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Employers Can Prevent Loss of Lives and Dollars

By Francois Millard, chief actuarial officer, Vitality Group

The start of a new year comes with many personal health aspirations. It is also a good time for businesses to think afresh about the importance of health within the workplace, as well as how our actions and products impact the health of the communities we live in or the consumers we serve. All of which ultimately impacts the health of our country.

Our preferred measure to gauge the health of our country and how we compare to other countries is Disability Adjusted Life Years (DALYs). It is used by the Institute for Health Measurement and Evaluation (IHME) at the University of Washington as the primary metric supporting the Global Burden of Disease[1] studies. It estimates the impact of disease by looking at both the years of life lost as a result of premature death, and the years lived in sub-optimal health, or disability, as a result of disease. Data released in October showed that for 2015 DALYs in the US amounted to 88.6 million (healthy years lost), up from 83.4 million in 2010. On a per capita basis, the US ranks 28th out of 35 Organization for Economic Co-operation and Development nations[2].

This result might come as a surprise, given consistent improvement was seen in US life expectancy over a number of decades. For many years the increase in US DALYs came from people living longer, but with higher levels of disease. However, a recent paper in The Lancet[3] shows how the US, unlike other high-income countries, has seen mortality rates plateau in 2010 and increase slightly in 2015, possibly because of rising premature mortality. These increases were mainly attributable to accidental deaths (primarily drugs), chronic liver disease and cirrhosis, and suicide. The authors noted that the magnitude of annual mortality increases in the US is extremely unusual in high-income countries, and a rapid public health response is needed to a
vert further premature deaths.

The news doesn’t improve from there. Another study[4] from IHME in December 2016, co-sponsored by the Vitality Institute, expands the view of disease from DALYs and introduces the direct healthcare spending associated with 155 conditions. It shows diabetes as the highest cost disease. Along with low back and neck pain, diabetes represented the biggest driver of increased cost. Overall 20 of the 155 conditions account for more than 50% of the $2.1 trillion US healthcare spending evaluated.

These numbers on the impact of disease on people’s lives and direct health cost is a renewed call for action. A typical action is targeted at how to improve the healthcare system, which will likely also dominate solutions to be considered in repealing and replacing the Affordable Care Act, but such actions under weigh the importance of effective health promotion and prevention in creating a sustainable and affordable healthcare system. Employers can contribute directly by facilitating healthy behaviors at and outside of the workplace.

Here are some practical initiatives to consider as 2017 progresses:

  • The biggest increases in healthcare spending currently stem from conditions impacting the working age population. These are preventable through targeted programs. It starts by knowing the demographics, behaviors, health care utilization and cost of the population you are serving. These characteristics could vary significantly by region and location, and good internal tracking and transparency could improve executive support and resource allocation to support your initiatives. In addition, consistent external reporting, such as what has been recommended by the Vitality Institute Commission[5] will help establish best practices, shared learnings and broader awareness that human capital is both an input and an output of a company’s performance.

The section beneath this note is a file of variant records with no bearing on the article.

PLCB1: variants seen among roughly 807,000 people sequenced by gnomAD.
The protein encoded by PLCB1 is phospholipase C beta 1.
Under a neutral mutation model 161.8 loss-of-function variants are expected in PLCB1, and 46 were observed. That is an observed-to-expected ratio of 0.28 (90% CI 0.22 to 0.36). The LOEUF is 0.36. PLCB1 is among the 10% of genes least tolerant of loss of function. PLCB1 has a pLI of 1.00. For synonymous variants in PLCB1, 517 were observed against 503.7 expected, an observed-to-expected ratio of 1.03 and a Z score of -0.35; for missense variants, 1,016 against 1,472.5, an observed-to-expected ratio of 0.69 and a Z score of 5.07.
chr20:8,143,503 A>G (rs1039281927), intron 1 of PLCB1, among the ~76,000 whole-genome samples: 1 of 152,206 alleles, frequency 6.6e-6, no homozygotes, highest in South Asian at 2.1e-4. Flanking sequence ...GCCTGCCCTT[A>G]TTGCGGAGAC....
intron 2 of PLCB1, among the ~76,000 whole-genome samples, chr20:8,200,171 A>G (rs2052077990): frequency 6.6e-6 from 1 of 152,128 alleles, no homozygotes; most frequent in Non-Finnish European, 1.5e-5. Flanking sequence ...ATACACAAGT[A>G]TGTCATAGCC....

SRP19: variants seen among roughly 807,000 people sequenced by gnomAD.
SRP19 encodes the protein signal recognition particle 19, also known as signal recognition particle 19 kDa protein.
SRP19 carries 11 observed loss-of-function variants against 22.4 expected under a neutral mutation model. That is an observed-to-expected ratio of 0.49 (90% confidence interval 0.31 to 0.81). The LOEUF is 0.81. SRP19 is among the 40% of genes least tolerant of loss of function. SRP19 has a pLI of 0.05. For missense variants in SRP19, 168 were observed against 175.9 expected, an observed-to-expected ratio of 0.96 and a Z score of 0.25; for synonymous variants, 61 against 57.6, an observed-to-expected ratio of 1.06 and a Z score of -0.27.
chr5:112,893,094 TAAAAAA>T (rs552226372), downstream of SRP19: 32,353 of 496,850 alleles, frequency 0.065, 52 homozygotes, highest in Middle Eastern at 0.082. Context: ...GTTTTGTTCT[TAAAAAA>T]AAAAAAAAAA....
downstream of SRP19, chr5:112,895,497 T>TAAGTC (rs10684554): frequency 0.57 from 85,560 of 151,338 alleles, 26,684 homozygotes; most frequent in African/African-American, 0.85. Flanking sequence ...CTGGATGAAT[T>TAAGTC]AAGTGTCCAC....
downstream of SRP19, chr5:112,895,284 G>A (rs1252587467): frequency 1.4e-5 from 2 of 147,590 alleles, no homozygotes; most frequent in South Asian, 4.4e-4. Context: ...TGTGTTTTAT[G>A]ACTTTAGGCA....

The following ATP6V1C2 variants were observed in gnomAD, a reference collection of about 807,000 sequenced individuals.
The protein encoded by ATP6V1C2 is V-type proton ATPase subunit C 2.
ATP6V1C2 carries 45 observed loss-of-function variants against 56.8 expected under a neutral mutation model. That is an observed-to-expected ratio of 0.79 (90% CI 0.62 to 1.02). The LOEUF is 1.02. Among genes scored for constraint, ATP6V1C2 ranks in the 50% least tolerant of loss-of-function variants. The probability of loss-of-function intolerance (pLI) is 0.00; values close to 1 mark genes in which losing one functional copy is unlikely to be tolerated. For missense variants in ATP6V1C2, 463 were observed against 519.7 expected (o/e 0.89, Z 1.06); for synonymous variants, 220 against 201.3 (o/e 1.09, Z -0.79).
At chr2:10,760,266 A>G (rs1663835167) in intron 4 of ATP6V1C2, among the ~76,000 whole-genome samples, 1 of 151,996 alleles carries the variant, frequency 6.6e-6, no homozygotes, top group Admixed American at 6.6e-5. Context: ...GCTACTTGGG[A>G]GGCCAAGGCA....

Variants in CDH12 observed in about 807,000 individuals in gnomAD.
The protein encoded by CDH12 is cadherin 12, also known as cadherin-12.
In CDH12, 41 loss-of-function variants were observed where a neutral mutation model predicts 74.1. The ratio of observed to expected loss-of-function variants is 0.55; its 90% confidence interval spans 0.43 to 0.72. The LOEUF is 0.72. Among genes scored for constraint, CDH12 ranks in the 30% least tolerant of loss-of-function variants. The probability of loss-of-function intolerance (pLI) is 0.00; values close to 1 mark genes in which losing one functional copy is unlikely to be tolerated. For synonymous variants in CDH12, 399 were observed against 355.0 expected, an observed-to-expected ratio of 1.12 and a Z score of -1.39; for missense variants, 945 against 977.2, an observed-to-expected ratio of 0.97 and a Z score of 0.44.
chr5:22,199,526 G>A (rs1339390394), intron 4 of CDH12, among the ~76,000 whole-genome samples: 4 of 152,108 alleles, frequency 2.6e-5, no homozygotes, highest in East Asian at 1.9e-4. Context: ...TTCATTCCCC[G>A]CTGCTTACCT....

• Foster a culture and environment that is supportive of healthier choices. In The Paradox of Disease Prevention[6], Dr. Harvey Fineberg offers strategies to help overcome the obstacles that make prevention difficult to put into practice. They include some of the following: pay for preventive services; promote health in the workplace and provide incentives to employees to maintain healthy practices; make prevention simpler, lower in cost, and less dependent on individual action; use policy to reinforce choices that favor prevention and use multiple media channels to educate and strengthen healthy habits. Many of these strategies rest on sound behavioral economic principles that can help employers make healthy choice an easier choice in and outside of the workplace.
  • There are established linkages between workplace health and the health of the greater community. By targeting specific health issues in your community, it is possible to improve more than just the health of your business. A report[7] funded by the Robert Wood Johnson foundation and compiled by the Vitality Institute shows how businesses can use a mix of strategies to improve community health—engaging in strategic philanthropy, exhibiting corporate social responsibility, and extending workplace health strategies to the community.

As we craft our plans for 2017, let’s make health both a personal and collective priority, base our actions on evidence, and do so with urgency.


  1. http://thelancet.com/gbd
  2. http://ihmeuw.org/3zib
  3. http://www.thelancet.com/journals/lancet/article/PIIS0140-6736(17)30187-3/fulltext
  4. http://jamanetwork.com/journals/jama/fullarticle/2594716
  5. http://thevitalityinstitute.org/projects/health-metrics-reporting/
  6. http://jamanetwork.com/journals/jama/article-abstract/1707727
  7. http://www.rwjf.org/en/library/research/2015/07/beyond-the-four-walls–why-community-is-critical-to-workforce-he.htm
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